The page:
All transactions to a particular Bitcoin address are to one key. Once you create the address (key), your wallet will always contain the necessary information to receive using that address. Somewhat counter-intuitively, receiving with a Bitcoin address is one of the few activities that does not require backing up your wallet.dat.

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Secondly, I'm given to understand that all transactions in the bitcoin network are public, that the block chain effectively contains the complete ownership history of each coin since it was created. So, how can I examine that history?

You can use Bitcoin's -printblock or the getblock patch for RPC. See these wiki pages for some necessary background info:
http://www.bitcoin.org/wiki/doku.php?id=block
http://www.bitcoin.org/wiki/doku.php?id=transactions

I'm making an easy-to-use web tool for looking at this data.

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zipslack
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November 02, 2010, 04:50:24 AM
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Thanks for the info, theymos. After reading the backup wikipage a few things make sense but I have a new question. To quote the page, "Bitcoin stores 100 queued addresses in wallet.dat. Once you use them all, a backup is necessary. All of the actions above use an address." So, if I understand correctly, an address can receive many payments but only send one? Or does the term 'address' mean something else in this context?

Attempting to answer my own question regarding running multiple bitcoin clients using the same wallet.dat, it seems that this would work until one of the actions listed on the backup wikipage takes place. Then the wallets would diverge and one of them would become invalid. (Or at the very least, they would contain pre-generated addresses that aren't identical, and once those addresses are used something bad would happen.)
theymos
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November 02, 2010, 06:08:27 AM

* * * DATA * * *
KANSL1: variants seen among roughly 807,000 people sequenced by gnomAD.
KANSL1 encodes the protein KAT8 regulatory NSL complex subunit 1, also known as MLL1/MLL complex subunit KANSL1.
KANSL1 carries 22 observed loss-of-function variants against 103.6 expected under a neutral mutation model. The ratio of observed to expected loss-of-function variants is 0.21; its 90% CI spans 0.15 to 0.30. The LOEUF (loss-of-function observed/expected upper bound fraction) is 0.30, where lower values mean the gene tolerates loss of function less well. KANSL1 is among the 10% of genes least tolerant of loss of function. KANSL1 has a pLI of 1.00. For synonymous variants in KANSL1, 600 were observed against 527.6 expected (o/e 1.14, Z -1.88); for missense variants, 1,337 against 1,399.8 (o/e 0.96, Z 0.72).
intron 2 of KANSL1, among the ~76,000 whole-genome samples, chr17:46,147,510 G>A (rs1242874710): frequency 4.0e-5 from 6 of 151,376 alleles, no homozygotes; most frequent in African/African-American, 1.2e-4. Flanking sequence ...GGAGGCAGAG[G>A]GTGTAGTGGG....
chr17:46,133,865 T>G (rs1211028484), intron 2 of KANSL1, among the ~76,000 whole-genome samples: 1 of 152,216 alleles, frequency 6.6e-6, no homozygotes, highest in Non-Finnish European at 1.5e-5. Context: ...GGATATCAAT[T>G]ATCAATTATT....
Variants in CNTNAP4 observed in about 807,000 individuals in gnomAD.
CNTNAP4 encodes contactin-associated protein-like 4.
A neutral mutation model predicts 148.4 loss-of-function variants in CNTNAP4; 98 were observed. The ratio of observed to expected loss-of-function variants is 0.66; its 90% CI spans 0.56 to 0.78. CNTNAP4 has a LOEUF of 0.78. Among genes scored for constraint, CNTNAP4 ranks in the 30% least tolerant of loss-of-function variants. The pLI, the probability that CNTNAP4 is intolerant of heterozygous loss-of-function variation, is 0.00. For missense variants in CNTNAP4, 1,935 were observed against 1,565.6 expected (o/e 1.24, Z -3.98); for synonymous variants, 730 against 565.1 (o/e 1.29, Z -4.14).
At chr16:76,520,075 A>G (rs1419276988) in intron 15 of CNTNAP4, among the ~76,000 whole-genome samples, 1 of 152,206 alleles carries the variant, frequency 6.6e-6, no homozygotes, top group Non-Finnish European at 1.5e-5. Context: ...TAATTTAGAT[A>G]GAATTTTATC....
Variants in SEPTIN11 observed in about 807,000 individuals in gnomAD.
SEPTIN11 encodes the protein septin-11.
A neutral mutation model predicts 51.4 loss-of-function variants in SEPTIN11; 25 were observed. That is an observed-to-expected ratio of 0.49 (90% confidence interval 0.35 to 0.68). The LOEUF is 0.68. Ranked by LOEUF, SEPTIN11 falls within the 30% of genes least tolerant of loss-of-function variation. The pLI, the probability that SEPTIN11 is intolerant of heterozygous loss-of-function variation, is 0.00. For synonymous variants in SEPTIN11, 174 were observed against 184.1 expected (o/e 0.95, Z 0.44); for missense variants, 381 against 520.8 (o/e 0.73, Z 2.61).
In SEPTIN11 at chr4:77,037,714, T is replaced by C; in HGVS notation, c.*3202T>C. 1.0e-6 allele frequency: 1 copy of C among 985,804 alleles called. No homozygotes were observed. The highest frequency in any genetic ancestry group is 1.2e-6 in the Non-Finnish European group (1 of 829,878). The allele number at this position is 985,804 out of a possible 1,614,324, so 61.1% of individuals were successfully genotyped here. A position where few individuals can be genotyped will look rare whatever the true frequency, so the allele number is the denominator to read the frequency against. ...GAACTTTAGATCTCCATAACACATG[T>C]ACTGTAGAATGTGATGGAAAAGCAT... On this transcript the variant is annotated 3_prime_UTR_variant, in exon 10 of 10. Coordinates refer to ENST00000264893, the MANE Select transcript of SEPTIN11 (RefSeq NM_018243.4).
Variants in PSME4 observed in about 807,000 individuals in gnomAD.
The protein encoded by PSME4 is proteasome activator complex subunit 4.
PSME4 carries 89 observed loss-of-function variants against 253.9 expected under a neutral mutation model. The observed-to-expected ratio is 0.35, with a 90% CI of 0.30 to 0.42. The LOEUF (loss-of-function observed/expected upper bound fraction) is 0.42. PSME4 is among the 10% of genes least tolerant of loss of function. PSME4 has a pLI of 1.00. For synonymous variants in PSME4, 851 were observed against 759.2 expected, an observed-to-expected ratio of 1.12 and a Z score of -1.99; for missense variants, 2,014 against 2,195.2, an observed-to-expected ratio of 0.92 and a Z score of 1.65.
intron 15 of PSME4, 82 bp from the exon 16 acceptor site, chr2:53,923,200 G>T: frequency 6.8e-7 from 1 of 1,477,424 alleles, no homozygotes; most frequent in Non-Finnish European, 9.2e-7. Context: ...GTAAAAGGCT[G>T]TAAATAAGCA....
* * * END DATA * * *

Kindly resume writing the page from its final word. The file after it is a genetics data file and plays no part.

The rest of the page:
#6

So, if I understand correctly, an address can receive many payments but only send one?

No. The address is "used" in the sense that it is removed from the pool and put into the wallet proper. The addresses can be used for unlimited sending and receiving.

Nearly every time you send bitcoins, you also end up creating a brand new address and sending some "random" number of bitcoins to it (back to yourself). This new address takes one address from the pool, puts it into the regular section of the wallet, and generates a new address to "top off" the pool. Wallet backups are good for only 100 "new address actions" because addresses generated after that will not be in the old wallet.

Back up your wallet. Hit "New Address" 100 times. All of those addresses are in the backup. Create one more address and you've created an address that's not in the backup -- it will be lost if you restore from the backup.

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Attempting to answer my own question regarding running multiple bitcoin clients using the same wallet.dat, it seems that this would work until one of the actions listed on the backup wikipage takes place. Then the wallets would diverge and one of them would become invalid. (Or at the very least, they would contain pre-generated addresses that aren't identical, and once those addresses are used something bad would happen.)

They would diverge after a new address action, though this would only become apparent after their pools are exhausted. They'll both be able to see and spend transactions sent from and to the addresses that they share (current addresses + 100 pooled addresses). Bitcoin will synch their shared transactions to some degree by looking at the block chain, but this is not an intended use of Bitcoin and you will run into occasional errors.

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zipslack
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November 03, 2010, 03:15:39 AM
 #7

Thanks for your help, theymos.